Now both of our neighbor states, Rhode Island and Massachusetts, permit technology which by aeration and circulation, a home septic system could accommodate greater loads. This may not be done in Connecticut according to the DEP (now renamed DEEP), even by a registered sanitarian whose work is supervised by a health director, and according to the published Health Code of our State Health Department. This, it seems to me, is simply a turf war in Hartford for control and the desk in the corner office. Registered Sanitarians, in both the DEEP and the Connecticut State Health Department, have the same qualifications and must pass the same examinations.
I believe that the drive to sewerize in Old Lyme is mostly from people and organizations that have motives far apart from economy and the environment but rather for power or money. They should recuse themselves from decision-making since their views are tainted.
Take note also that several of the beach associations in Old Lyme are charted by the State Legislature, and the charters clearly state that these associations may, if they wish, control their wastewater. However, this control would be at their expense. This is not quite what sewer proponents are advocating. They seem to want these projects to be town-wide and not at their expense. Rather, they seem to expect the municipality, or the state or federal government, to expend tax revenues to correct the problems of their increasing usage of lots that were never intended for year-round occupancy.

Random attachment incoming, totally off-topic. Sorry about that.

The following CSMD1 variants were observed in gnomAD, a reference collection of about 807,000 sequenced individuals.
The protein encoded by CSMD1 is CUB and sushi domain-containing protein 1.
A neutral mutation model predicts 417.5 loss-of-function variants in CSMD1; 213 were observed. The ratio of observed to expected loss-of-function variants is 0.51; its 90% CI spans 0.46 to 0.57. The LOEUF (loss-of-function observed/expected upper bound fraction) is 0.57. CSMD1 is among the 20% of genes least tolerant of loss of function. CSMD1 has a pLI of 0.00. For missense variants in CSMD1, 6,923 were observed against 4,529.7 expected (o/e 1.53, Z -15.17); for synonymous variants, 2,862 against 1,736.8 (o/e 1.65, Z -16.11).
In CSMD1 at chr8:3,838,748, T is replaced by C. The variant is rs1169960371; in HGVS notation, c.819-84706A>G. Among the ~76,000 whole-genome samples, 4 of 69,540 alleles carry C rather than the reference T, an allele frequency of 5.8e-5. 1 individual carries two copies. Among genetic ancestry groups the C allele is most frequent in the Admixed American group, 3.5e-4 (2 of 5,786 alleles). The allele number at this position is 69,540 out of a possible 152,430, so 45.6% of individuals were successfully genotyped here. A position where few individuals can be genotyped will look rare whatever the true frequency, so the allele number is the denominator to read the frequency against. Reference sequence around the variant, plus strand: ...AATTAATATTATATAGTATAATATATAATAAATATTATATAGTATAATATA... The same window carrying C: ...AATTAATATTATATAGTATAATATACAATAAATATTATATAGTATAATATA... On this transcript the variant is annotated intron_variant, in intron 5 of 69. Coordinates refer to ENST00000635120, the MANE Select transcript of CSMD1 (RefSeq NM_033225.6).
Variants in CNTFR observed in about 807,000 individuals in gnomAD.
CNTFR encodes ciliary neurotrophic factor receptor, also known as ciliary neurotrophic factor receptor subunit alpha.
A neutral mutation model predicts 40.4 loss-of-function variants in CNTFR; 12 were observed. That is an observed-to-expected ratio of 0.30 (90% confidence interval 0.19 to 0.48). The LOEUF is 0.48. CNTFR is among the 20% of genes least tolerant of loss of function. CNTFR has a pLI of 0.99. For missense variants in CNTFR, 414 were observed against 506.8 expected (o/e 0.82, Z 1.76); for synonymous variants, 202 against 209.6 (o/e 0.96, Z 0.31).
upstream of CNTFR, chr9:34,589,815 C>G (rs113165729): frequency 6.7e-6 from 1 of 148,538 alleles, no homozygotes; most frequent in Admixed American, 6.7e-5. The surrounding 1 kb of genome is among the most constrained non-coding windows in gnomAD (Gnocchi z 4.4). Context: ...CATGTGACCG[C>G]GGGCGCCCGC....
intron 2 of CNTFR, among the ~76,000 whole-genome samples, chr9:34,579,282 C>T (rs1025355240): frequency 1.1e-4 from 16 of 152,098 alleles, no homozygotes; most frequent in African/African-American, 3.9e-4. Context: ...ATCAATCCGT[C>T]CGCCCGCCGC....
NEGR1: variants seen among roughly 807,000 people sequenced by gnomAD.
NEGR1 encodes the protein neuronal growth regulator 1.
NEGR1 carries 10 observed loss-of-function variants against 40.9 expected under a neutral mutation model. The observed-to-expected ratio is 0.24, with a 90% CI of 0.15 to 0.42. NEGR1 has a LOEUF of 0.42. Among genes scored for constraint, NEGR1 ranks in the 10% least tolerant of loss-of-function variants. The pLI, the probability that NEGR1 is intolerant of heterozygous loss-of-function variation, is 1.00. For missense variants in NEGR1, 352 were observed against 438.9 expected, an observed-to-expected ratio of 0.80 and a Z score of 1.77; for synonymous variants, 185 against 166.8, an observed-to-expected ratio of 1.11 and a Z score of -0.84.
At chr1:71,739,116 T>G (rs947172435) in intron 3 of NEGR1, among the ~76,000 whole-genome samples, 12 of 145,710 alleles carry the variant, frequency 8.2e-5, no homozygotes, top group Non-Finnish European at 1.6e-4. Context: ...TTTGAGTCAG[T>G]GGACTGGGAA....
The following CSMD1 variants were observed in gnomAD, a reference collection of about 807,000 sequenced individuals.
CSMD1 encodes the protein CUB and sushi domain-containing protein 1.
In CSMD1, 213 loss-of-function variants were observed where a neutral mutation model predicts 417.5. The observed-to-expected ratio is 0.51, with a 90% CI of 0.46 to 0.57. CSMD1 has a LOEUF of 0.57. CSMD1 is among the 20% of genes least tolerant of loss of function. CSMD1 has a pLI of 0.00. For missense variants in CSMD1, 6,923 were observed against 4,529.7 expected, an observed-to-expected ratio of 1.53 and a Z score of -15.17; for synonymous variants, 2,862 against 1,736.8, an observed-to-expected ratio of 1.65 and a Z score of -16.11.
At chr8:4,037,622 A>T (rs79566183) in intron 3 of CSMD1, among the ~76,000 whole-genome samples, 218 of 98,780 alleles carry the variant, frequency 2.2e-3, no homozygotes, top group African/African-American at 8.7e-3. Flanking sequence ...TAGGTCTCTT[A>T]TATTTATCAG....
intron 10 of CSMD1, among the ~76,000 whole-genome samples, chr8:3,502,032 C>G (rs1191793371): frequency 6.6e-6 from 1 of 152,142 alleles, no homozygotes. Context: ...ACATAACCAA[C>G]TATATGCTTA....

I believe further that the DEEP is the fox in the henhouse, making and enforcing rules, with little or no supervision or oversight by the legislature. For example, the State Health Department publishes a health code, but the DEEP has no comparable document.
If the DEEP is to dump its treated effluent from sewage treatment plants into our streams and rivers, that water should be pristine drinking water quality, and if it is pristine, then why is it not replaced into our aquifers or our ground waters?
Dilution is not the solution to pollution, and the DEEP is the culprit.